Welcome to North Charleston, the beautiful.

In the past year city officials have started whipping this place into shape. They’re getting tough on mobile homes and talking about limiting the height of fences and hedges, even stopping people from parking boats in their yards.

These folks aren’t playing around. Now they want to require residents to edge the sidewalks in front of their homes.


This begs the question: When did North Charleston switch from being a city to a Home Owners Association?

City Councilman Bob King introduced the edging ordinance with the best intentions. He’s had complaints from some residents about unsafe and impassable sidewalks, so he proposed this new rule.

King has heard from a few folks upset with the ordinance — but not too many. He says it’s no different than the city law that requires people to keep their yards mowed. Seems a lot of people cut their grass but don’t like to edge it.

“It’s not like government intervention. It’s just an enforcement tool,” he says. “We’re not going to put a heavy burden on anyone.”

But that’s exactly how some people see it.

“I hate to see us putting poor people out,” says Councilwoman Dot Williams. “A lot of people don’t have edgers. I think it’s stupid.”

A change is coming

The most remarkable thing here is that this controversy speaks volumes about how far North Charleston has come.

Eleven years ago this month, city code enforcement officers did a sweep through the Accabee neighborhood and hauled off nearly 90 tons of trash.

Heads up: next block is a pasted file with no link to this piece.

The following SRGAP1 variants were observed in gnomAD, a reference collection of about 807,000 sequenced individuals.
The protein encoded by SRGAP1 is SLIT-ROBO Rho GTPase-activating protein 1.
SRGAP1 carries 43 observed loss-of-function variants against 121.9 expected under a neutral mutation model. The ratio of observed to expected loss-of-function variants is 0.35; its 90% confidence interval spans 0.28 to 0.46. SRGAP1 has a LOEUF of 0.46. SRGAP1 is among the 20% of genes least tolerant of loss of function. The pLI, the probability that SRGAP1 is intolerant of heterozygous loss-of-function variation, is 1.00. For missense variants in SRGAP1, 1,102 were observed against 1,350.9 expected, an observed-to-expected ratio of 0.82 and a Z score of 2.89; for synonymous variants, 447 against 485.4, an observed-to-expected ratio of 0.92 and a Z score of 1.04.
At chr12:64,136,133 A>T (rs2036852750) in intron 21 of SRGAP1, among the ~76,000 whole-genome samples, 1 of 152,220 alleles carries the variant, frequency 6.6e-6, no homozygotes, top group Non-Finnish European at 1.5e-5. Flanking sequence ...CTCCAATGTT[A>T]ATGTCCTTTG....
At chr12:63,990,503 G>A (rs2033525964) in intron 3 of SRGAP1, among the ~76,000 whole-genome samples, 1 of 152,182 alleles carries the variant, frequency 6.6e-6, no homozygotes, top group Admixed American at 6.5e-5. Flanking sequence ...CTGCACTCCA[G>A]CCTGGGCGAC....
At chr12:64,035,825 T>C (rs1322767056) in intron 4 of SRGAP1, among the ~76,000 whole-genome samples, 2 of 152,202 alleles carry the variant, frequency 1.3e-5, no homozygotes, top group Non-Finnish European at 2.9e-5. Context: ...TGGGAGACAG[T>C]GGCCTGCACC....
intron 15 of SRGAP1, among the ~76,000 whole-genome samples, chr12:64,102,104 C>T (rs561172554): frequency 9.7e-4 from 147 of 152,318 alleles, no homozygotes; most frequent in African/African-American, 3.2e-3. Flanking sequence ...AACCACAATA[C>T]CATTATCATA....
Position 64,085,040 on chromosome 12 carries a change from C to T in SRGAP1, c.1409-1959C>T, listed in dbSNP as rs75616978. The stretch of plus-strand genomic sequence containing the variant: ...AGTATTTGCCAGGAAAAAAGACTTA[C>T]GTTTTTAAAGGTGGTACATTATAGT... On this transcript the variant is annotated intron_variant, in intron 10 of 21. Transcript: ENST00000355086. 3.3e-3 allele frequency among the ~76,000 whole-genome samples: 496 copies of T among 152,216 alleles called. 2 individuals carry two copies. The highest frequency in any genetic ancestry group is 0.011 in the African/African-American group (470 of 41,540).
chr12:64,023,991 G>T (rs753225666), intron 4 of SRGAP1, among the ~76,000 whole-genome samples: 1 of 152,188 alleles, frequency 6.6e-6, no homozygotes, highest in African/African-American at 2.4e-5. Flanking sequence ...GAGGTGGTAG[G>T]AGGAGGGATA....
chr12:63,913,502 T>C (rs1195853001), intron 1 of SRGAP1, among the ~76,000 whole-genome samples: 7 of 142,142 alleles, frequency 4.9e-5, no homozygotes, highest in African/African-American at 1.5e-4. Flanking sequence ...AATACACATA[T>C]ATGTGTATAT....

The state’s third-largest city did a number of these sweeps over the course of a decade, and it made a difference. At the same time, North Charleston was transforming itself from a place where people worked during the day and left at night into an area where folks also wanted to live.

Maybe you read about it in the New York Times: Home of Boeing, Tanger Outlet Mall, a lot of restaurants, a nice coliseum, trendy Park Circle — and a lot of young families.

In 1990, North Chuck was a city with a lot of older residents and renters. Just 40 percent of the city’s homes were owner-occupied. That’s up to about 50 percent now, but it’s still below the state average, which is 70 percent.

North Charleston officials are trying hard to change that. They want to attract more of those young families. They make good citizens.

And you know who really likes sidewalks? Yep, young families who exercise and push strollers.

Why do you think all new neighborhoods or businesses in North Charleston are now required to build sidewalks?

Independent streak

You have to figure this edging thing is going to rile up some people.

Mayor Keith Summey, who has done more than his share to change the city, took the edge off the issue by promising that the city would use community service workers — inmates — to help any residents who can’t do the yard work themselves.

And Williams says she will raise Cain if the city doesn’t.

Summey’s promise helps, but still, there’s going to be some dissent.

A lot of North Charleston folks are fiercely independent; they don’t like the government telling them what to do. First they have to buy health insurance, and now they have to edge their lawns at the sidewalk.

What’s next, state-mandated Swiffers?

It sounds really strange to hear such a persnickety, suburban idea as edging in a town that has a rep for going its own way. They don’t outlaw smoking in bars and restaurants (though some have tried), and they have yet to jump on the no-texting-while-driving fad.

But all that stuff is probably coming because this edging ordinance — along with the mobile homes, the boats and the fences — is a sign of change.

“A few years ago, people said North Charleston was supposed to look like that,” King says. “No, it’s not. I don’t buy that, and we’re trying to change that.”

Whether you think this is a quality-of-life issue, like King, or ridiculous, like Williams, one thing’s for sure:

When they’re arguing over something as silly as edging their yards, it’s a sign of progress in North Charleston.

Reach Brian Hicks at bhicks@postandcourier.com